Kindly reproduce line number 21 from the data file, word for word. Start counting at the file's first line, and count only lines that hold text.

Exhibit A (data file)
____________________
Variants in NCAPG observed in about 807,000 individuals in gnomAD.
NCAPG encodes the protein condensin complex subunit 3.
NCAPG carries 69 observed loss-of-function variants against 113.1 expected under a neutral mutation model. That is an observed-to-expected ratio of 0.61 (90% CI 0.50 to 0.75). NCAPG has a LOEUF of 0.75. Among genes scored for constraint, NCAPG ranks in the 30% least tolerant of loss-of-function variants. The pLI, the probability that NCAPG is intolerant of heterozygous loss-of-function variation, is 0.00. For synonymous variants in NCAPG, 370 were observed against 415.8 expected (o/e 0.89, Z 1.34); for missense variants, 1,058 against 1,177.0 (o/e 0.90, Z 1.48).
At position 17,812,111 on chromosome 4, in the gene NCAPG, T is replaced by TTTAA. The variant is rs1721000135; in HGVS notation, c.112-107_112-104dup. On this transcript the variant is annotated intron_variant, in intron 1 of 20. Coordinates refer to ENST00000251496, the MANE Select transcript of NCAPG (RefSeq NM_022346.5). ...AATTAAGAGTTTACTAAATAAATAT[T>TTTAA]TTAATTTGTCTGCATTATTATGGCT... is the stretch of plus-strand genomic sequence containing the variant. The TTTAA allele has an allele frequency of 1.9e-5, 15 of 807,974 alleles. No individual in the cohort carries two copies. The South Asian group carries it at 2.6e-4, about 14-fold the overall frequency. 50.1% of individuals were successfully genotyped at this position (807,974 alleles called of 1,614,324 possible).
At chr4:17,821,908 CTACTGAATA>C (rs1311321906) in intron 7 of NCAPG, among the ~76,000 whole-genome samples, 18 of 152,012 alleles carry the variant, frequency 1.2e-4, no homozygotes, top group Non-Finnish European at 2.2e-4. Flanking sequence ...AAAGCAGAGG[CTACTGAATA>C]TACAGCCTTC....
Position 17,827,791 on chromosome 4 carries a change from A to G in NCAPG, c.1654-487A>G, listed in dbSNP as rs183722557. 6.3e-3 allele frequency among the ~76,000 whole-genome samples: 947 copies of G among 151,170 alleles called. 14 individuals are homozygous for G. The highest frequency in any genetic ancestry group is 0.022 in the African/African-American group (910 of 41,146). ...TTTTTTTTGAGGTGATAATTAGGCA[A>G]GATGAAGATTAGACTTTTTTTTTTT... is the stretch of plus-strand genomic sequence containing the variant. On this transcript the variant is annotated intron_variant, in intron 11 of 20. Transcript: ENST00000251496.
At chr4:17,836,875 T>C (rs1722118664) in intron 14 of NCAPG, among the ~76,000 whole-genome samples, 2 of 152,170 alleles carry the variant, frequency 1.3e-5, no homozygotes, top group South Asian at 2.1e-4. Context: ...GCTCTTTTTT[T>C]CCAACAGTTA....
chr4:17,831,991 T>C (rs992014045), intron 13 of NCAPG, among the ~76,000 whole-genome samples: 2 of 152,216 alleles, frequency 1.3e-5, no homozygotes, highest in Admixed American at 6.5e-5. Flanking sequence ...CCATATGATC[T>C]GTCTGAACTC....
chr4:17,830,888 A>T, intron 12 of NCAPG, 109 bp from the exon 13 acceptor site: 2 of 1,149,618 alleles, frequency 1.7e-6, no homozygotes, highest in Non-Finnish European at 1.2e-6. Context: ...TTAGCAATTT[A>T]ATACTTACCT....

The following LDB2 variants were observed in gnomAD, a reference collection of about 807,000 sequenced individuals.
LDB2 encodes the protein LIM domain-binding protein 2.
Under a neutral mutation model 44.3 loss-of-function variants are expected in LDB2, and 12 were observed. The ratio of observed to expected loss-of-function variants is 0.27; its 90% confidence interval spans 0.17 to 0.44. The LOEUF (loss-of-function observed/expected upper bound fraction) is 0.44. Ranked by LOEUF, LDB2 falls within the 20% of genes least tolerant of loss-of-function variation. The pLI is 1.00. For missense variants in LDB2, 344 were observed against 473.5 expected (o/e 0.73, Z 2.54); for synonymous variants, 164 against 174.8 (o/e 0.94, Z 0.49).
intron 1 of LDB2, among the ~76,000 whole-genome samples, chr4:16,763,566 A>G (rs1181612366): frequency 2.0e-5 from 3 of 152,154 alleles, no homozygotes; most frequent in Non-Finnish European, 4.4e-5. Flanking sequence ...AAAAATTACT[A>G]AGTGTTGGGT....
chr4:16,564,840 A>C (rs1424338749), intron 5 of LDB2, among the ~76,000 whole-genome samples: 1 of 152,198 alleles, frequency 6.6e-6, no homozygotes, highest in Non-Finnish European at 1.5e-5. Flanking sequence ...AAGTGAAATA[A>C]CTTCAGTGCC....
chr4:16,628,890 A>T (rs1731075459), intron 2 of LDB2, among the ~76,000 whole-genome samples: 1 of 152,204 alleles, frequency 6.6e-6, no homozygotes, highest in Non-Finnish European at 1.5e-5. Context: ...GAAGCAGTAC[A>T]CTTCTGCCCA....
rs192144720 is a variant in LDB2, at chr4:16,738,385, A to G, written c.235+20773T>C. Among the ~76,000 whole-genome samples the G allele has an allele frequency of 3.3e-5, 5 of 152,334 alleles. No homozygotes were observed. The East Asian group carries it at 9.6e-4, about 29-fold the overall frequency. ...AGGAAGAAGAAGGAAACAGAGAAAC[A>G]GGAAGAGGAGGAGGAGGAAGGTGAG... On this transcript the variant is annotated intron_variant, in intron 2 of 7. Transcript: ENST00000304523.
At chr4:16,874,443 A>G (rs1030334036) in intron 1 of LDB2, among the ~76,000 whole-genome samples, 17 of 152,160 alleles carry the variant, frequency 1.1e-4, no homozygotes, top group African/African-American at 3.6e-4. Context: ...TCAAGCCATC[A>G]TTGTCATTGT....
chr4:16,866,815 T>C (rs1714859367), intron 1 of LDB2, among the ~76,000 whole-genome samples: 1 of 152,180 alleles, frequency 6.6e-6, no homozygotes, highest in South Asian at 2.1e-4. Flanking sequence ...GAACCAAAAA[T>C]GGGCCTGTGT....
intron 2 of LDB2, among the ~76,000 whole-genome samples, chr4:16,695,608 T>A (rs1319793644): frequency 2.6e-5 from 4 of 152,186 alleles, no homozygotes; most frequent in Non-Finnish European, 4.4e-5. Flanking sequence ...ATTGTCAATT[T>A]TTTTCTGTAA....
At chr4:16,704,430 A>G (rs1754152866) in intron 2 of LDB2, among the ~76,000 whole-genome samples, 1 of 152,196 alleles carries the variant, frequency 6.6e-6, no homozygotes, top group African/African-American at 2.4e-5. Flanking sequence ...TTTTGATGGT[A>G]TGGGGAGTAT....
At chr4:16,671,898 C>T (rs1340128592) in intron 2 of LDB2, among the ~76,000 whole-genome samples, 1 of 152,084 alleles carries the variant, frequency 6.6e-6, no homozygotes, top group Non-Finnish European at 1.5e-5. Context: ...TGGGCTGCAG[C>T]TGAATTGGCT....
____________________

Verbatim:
At chr4:16,671,898 C>T (rs1340128592) in intron 2 of LDB2, among the ~76,000 whole-genome samples, 1 of 152,084 alleles carries the variant, frequency 6.6e-6, no homozygotes, top group Non-Finnish European at 1.5e-5. Context: ...TGGGCTGCAG[C>T]TGAATTGGCT....